And then we saw what remained of Chiesa. […] Staring in gaunt obscenity emphasised by the bright sunlight was a blackened heap of ruins. The Palazzo degli Schiavi that had been our barracks consisted now of four high walls, with gaping windows, and broken tiles and rubble littered the grass at its base. […] We walked on through the ruins until we came to the house that had been Tarquinio’s. He pointed to it and said nothing. I was suddenly conscious of a lump in my throat and a feeling of hopeless rage. […] The whole village had been reduced to a powdery skeleton, its outlines marked by scorched stone walls.

The liaison mission managed to get back in touch with the Allies, and  «A force» even organised the evacuation of some PoWs behind enemy lines. In October, the enemy launched another rastrellamento, smaller but equally deadly. October, however, brought also new recruits to Lett’s band. «Dani», in fact, sent him all the escaped PoWs that came his way, and the international battalion started growing again. Moreover, Lett also welcomed deserters: French, Dutch, and Belgians who ran from the ships in the Genoa harbour, Russians, Yugoslavians, and Polish who escaped from the Todt organisation, where they were used as forced labour. The band also received some airdrops, allowing it to return to the offensive. The partisans assaulted enemy patrols and isolated garrisons. Once more, the bands of Rossano became a thorn in the enemy’s side, from the valley to the Ligurian coast. However, old disagreements on how to conduct the war resurfaced. Soon enough, Lett found himself in conflict with the other commanders. Especially unwelcom for him was the order from the CLN of La Spezia that each band should have a political commissar (a standard measure taken by the CLNAI and CVL). From Lett’s memoir, it is clear that he sawthis evolution of the Italian Resistance as a step in the wrong direction.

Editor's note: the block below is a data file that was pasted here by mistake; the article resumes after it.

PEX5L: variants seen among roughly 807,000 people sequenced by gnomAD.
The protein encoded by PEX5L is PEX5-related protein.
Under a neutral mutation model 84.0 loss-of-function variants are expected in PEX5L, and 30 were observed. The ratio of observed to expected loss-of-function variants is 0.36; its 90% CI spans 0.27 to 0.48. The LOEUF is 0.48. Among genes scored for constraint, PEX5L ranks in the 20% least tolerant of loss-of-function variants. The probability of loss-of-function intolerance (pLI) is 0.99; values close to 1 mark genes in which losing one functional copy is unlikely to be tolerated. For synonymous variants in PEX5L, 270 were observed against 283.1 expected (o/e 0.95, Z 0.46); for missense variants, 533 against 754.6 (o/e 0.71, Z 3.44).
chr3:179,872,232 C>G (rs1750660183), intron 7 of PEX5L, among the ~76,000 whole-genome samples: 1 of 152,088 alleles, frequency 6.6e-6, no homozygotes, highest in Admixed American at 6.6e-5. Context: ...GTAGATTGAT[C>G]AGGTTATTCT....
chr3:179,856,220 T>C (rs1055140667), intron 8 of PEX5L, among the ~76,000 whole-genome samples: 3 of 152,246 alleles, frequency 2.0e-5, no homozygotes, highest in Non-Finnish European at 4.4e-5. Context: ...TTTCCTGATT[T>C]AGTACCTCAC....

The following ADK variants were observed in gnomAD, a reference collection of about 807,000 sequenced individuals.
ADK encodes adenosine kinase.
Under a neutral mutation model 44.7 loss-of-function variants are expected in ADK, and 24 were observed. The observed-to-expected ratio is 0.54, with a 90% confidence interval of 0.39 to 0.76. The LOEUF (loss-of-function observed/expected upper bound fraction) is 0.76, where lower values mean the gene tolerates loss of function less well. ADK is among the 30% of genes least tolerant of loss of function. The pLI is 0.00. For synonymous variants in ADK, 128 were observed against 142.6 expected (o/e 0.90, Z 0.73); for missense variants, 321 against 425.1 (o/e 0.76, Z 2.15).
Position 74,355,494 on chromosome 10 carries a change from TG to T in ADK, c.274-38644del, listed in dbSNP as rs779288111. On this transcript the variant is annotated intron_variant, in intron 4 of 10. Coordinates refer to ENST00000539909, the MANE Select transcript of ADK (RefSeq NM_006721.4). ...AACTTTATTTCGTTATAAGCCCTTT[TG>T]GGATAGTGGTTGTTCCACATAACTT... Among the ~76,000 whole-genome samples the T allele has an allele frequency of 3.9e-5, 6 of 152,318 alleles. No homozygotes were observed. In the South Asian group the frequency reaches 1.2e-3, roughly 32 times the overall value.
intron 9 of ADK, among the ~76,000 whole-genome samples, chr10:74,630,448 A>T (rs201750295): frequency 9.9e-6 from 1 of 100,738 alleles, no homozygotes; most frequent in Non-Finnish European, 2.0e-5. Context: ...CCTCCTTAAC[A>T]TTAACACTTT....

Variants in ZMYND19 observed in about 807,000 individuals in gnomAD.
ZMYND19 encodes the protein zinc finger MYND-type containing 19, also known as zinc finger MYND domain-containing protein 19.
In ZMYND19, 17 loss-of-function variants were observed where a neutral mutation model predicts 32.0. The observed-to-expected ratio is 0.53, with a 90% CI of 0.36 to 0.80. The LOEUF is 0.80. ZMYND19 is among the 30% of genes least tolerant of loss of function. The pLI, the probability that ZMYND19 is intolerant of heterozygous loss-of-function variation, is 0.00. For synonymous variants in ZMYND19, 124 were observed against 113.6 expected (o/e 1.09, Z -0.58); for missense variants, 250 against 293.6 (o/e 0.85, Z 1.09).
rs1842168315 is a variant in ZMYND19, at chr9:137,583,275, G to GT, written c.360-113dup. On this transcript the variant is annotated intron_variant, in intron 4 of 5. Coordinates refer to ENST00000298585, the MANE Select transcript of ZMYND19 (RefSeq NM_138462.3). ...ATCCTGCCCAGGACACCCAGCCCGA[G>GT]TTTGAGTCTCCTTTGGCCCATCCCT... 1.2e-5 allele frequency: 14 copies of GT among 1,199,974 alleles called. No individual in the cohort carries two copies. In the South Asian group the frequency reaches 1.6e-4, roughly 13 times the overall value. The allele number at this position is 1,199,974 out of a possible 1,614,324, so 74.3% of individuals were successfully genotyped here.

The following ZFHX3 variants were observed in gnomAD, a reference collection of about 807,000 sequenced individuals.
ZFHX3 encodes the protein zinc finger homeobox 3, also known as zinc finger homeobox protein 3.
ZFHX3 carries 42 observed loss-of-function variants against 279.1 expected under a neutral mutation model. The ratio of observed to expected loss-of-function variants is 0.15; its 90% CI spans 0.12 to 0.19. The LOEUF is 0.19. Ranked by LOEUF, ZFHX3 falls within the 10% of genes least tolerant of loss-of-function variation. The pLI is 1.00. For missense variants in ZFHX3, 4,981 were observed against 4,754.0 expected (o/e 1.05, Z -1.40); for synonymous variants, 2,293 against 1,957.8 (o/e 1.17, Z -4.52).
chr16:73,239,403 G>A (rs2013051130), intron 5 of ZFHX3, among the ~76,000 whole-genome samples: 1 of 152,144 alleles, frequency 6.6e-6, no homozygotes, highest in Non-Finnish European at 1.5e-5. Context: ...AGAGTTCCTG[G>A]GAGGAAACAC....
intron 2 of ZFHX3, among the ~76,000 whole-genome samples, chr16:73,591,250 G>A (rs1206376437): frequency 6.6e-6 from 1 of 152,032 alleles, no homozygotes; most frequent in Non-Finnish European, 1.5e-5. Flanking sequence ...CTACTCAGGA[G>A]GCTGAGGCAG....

At the end of December, Lett started organising the arrival of a group of 35 SAS coming from the south. It was the operation «Galia», led by Captain Walker-Brown. Their mission was to hinder enemy movements in the western portion of the Gothic Line, relieving the pressure from the Allies’ troops on the frontline. After a disastrous start, in January, the SAS managed to carry on their mission, assisted by Lett’s men and by the local partisans. These actions, however, alerted the enemy, and the partisans came once more under attack. Despite an initial partisan attack which slowed down the Nazi-fascists, the Germans quickly regrouped and launched their rastrellamento. Lett brought his men and some SAS soldiers on Mount Pecchiara and then on the Gottero, following the same route they had followed months before. However, they discovered that the Cento Croci had been dispersed, and the entire front line was lost. Lett, facing this situation, decided to go back. During their march, the major’s disheartened, tired, and hungry men ran into a house. To force her owner to open the door and give them some food, Lett pretended to be a German, terrorising her: «a thing that I have ever since regretted». At dawn, the group hid in a copse to rest, but they were noticed by a local woman passing by and Lett, who at this point mistrusted everything and everyone, decided to leave this hideout. The man crossed a stream and reached a small forest. From this position, they were able to witness the battle unfolding at the copse: